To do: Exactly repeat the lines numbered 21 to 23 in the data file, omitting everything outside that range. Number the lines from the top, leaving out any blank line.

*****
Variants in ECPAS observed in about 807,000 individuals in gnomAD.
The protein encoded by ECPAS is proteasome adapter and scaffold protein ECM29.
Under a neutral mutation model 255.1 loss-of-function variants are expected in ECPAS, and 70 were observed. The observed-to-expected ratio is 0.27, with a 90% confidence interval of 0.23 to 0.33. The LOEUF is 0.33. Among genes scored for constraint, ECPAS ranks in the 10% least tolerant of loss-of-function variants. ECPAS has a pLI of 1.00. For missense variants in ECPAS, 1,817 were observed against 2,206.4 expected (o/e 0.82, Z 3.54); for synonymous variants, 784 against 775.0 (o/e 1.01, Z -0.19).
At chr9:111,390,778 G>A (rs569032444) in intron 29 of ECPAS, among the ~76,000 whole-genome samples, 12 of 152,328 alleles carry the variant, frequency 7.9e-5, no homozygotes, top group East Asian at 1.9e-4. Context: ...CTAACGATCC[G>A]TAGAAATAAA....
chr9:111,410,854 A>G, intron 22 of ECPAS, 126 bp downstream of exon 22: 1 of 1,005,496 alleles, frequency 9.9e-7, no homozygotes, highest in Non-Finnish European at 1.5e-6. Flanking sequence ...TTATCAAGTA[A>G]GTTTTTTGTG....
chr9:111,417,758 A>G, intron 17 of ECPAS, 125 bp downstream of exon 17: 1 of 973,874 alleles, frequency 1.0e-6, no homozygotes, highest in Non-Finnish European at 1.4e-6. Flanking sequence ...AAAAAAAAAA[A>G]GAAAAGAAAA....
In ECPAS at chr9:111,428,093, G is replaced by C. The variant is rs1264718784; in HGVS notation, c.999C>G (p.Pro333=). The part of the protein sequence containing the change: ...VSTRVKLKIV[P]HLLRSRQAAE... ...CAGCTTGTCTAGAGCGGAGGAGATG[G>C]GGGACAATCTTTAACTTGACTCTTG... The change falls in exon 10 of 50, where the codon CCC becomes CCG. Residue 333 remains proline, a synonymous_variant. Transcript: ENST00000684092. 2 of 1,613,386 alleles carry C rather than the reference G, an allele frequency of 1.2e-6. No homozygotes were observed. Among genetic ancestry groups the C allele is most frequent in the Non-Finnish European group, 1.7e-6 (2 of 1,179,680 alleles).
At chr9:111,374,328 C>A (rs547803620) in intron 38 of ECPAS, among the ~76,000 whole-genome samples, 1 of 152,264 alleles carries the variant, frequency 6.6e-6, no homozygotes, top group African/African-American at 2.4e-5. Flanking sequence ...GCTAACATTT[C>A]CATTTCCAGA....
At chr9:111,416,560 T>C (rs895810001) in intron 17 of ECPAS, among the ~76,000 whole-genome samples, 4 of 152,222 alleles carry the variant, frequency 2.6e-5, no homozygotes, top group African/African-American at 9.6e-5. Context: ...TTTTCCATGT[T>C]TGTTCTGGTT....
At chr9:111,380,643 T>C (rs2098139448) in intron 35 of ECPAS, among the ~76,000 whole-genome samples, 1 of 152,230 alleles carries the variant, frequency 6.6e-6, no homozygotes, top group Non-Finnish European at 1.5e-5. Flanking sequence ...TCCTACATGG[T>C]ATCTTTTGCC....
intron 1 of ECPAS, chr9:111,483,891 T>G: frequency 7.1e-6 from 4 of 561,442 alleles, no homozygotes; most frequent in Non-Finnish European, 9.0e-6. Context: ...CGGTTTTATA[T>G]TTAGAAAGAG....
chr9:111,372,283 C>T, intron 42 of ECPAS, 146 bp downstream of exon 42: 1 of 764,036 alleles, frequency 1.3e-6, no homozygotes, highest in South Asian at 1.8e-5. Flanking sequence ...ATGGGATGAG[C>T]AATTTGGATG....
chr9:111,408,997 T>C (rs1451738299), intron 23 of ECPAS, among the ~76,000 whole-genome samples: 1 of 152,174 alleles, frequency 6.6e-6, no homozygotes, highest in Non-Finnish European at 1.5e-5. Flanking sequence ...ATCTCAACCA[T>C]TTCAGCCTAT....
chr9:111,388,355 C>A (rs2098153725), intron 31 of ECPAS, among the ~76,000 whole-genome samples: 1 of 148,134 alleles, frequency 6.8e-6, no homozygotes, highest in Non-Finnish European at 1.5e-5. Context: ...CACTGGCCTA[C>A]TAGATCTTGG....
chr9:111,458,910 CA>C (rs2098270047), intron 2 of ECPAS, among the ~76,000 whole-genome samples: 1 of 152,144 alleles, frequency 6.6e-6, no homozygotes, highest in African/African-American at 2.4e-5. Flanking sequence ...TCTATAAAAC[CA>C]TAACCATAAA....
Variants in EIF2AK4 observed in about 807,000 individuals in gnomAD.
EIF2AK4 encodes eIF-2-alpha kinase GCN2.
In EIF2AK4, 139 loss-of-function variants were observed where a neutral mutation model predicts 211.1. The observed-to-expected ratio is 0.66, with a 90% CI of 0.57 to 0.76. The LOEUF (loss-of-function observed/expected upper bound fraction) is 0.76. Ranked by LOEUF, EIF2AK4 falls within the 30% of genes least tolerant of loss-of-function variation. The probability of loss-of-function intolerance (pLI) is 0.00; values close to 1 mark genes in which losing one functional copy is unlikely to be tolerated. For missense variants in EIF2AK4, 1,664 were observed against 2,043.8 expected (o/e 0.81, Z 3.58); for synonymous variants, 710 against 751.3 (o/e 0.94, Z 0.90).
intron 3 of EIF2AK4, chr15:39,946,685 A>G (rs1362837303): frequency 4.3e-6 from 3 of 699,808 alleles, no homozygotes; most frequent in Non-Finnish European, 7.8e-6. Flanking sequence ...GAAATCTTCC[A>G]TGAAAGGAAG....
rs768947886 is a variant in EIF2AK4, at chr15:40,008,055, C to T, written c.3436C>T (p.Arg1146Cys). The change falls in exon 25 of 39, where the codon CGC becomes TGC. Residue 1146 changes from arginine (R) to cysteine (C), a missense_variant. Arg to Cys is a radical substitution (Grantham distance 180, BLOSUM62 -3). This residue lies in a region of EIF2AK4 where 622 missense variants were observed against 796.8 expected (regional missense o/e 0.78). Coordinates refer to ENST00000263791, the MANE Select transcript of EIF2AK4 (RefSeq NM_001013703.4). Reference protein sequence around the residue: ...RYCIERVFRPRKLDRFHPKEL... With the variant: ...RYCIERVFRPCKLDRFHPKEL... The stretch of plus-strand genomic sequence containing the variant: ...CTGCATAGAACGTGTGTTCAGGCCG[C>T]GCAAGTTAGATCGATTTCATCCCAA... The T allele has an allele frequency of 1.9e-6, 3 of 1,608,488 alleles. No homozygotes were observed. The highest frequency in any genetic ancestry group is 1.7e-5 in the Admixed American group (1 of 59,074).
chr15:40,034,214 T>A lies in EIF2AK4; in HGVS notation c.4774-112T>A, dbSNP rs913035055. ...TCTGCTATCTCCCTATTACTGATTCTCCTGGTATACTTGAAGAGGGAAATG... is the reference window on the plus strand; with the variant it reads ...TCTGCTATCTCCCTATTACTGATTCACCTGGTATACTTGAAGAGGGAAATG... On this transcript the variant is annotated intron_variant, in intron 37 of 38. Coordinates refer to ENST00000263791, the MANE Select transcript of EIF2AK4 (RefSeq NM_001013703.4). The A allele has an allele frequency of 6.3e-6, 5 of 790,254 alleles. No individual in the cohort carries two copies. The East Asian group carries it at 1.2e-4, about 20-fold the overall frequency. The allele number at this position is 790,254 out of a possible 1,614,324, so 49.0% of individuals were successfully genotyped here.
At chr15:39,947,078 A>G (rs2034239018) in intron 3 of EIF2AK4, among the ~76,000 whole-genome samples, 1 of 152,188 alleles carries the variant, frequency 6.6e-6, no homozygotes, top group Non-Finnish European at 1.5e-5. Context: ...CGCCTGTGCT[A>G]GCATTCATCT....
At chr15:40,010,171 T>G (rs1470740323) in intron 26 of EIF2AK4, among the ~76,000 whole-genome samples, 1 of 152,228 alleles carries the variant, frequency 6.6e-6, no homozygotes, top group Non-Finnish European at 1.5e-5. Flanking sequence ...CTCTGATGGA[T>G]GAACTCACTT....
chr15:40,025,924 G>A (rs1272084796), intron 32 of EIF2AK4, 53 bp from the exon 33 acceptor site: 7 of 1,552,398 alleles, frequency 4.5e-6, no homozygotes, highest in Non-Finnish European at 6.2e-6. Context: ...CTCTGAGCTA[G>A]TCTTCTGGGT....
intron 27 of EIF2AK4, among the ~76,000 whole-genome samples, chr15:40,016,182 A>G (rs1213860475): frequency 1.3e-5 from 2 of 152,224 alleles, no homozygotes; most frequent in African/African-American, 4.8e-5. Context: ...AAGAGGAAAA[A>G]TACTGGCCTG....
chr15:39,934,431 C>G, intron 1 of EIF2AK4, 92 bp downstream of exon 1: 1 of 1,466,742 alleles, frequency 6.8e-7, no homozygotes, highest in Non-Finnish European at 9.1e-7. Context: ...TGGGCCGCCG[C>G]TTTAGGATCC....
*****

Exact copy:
chr15:40,034,214 T>A lies in EIF2AK4; in HGVS notation c.4774-112T>A, dbSNP rs913035055. ...TCTGCTATCTCCCTATTACTGATTCTCCTGGTATACTTGAAGAGGGAAATG... is the reference window on the plus strand; with the variant it reads ...TCTGCTATCTCCCTATTACTGATTCACCTGGTATACTTGAAGAGGGAAATG... On this transcript the variant is annotated intron_variant, in intron 37 of 38. Coordinates refer to ENST00000263791, the MANE Select transcript of EIF2AK4 (RefSeq NM_001013703.4). The A allele has an allele frequency of 6.3e-6, 5 of 790,254 alleles. No individual in the cohort carries two copies. The East Asian group carries it at 1.2e-4, about 20-fold the overall frequency. The allele number at this position is 790,254 out of a possible 1,614,324, so 49.0% of individuals were successfully genotyped here.
At chr15:39,947,078 A>G (rs2034239018) in intron 3 of EIF2AK4, among the ~76,000 whole-genome samples, 1 of 152,188 alleles carries the variant, frequency 6.6e-6, no homozygotes, top group Non-Finnish European at 1.5e-5. Context: ...CGCCTGTGCT[A>G]GCATTCATCT....
At chr15:40,010,171 T>G (rs1470740323) in intron 26 of EIF2AK4, among the ~76,000 whole-genome samples, 1 of 152,228 alleles carries the variant, frequency 6.6e-6, no homozygotes, top group Non-Finnish European at 1.5e-5. Flanking sequence ...CTCTGATGGA[T>G]GAACTCACTT....